This episode, like all of our episodes, brought to you by our beloved Patron donors. This week, we would like to thank Melhubbs, Chelsey, and Taylor. And an extra special thanks this week go to Sydney. Sydney is our nation’s first and last Secretary of Dank Memes. [salutes]
The year is probably 2010 or 2011. So we hopped in her like 1995 Jeep Grand Cherokee and we went speeding to—which RIP, by the way, that car is long dead.We went speeding to theclerb. And we sped through a red light. And here in our city, the red light camera takes a picture of you and your license plate.
[laughing] I’m laughing because I see it already. Okay.
I know. Couple weeks after Halloween, we get this bill in the mail, she was my roommate at the time, and it’s—not only is it a speeding ticket, but it’s a picture of us in the front seat of the car, and like the speeding camera had like a bright flashing light on our faces so just like, the most unflattering light—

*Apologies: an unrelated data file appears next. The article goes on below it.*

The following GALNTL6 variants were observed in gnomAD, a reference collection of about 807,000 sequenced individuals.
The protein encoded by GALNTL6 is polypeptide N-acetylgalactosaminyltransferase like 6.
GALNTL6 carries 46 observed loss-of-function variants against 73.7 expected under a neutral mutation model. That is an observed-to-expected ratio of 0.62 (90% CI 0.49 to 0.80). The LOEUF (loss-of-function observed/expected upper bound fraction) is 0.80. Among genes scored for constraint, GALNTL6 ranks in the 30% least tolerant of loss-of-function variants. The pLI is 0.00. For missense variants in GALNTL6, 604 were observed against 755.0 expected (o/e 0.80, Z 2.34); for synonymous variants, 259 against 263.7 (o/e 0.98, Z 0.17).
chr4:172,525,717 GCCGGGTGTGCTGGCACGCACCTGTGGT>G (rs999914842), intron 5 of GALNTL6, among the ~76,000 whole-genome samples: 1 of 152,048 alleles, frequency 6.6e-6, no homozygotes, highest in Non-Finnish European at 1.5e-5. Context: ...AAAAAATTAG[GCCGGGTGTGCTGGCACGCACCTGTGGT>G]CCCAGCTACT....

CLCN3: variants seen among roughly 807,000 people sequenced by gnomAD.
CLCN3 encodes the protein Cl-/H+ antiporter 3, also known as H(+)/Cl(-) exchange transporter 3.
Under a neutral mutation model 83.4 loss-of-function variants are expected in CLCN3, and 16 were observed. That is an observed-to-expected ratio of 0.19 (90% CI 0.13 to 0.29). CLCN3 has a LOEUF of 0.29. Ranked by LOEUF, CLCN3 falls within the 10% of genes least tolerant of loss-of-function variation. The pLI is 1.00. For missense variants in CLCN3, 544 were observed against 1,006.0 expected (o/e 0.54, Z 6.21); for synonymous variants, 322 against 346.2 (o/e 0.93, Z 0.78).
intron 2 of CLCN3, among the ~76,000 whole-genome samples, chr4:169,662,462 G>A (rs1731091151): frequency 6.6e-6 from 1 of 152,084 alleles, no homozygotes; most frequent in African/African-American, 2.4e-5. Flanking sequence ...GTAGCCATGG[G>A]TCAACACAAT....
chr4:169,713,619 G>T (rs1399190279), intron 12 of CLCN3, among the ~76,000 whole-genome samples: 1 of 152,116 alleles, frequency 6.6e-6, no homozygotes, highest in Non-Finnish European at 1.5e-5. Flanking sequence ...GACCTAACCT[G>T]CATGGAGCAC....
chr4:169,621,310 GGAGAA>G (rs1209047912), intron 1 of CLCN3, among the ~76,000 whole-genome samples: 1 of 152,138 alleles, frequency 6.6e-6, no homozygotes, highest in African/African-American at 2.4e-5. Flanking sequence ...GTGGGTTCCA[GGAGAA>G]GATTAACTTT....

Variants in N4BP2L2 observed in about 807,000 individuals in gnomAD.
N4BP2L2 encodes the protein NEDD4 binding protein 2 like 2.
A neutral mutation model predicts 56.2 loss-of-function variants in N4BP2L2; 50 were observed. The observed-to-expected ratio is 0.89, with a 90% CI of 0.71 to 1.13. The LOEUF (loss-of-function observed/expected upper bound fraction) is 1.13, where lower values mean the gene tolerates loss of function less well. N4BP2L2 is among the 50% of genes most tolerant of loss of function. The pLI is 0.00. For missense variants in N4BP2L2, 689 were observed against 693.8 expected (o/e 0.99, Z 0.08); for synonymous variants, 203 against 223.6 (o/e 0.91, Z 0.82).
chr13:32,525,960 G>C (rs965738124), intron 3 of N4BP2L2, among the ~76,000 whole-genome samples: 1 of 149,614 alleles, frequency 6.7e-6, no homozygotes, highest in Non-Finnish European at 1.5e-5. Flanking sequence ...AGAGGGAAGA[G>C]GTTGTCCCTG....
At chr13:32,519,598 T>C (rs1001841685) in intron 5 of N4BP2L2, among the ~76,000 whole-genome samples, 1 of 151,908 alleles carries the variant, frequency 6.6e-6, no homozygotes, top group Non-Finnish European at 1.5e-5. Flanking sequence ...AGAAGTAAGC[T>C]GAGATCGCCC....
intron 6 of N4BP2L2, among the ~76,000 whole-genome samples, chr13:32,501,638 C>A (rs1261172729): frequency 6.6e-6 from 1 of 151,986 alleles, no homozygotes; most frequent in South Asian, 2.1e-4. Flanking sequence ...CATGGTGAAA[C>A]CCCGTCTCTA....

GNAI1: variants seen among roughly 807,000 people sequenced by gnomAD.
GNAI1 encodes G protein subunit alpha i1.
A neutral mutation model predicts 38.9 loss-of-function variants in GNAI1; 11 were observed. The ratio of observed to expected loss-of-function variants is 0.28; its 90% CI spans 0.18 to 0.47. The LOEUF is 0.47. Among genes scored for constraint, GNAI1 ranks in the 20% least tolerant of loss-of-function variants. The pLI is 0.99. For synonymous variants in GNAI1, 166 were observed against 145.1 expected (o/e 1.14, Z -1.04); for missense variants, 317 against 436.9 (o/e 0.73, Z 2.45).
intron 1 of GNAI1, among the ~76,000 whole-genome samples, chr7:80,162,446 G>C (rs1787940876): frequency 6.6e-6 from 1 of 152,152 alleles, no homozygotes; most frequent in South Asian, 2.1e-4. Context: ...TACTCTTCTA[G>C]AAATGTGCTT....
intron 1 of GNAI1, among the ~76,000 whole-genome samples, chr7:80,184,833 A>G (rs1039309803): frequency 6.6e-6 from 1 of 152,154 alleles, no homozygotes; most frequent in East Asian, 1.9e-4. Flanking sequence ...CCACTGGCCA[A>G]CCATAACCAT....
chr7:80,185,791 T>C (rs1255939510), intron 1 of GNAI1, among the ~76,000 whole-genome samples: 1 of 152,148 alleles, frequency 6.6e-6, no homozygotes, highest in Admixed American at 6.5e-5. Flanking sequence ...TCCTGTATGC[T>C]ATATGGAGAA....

So you look so haggard and you’re both kind of like a little bit like—
We’re like slouching—
You’re a little slack-jawed, like you’re both kind of like—
Kitty & Piggy 1:23
[both demonstrate; Piggy groans]
She was Kesha, I cannot remember who I was. I might have been like, Christina Aguilera or something. Look up like who else was like in the charts in 2011? Covered in just like unflattering makeup and our hair teased out to here and it’s a ridiculous photo.
It’s so legendary.
What do you do with that picture, like not put it on the internet? So we immediately put it on the internet. So every year, the internet reminds us that this photo happened. And every year we share it again on social media.
Every year when it comes up, it puts a big glowing smile on my face. And I’m just like, it’s that time of year again.
There it is.
Such a special memory.
It’s an artifact. It is an artifact.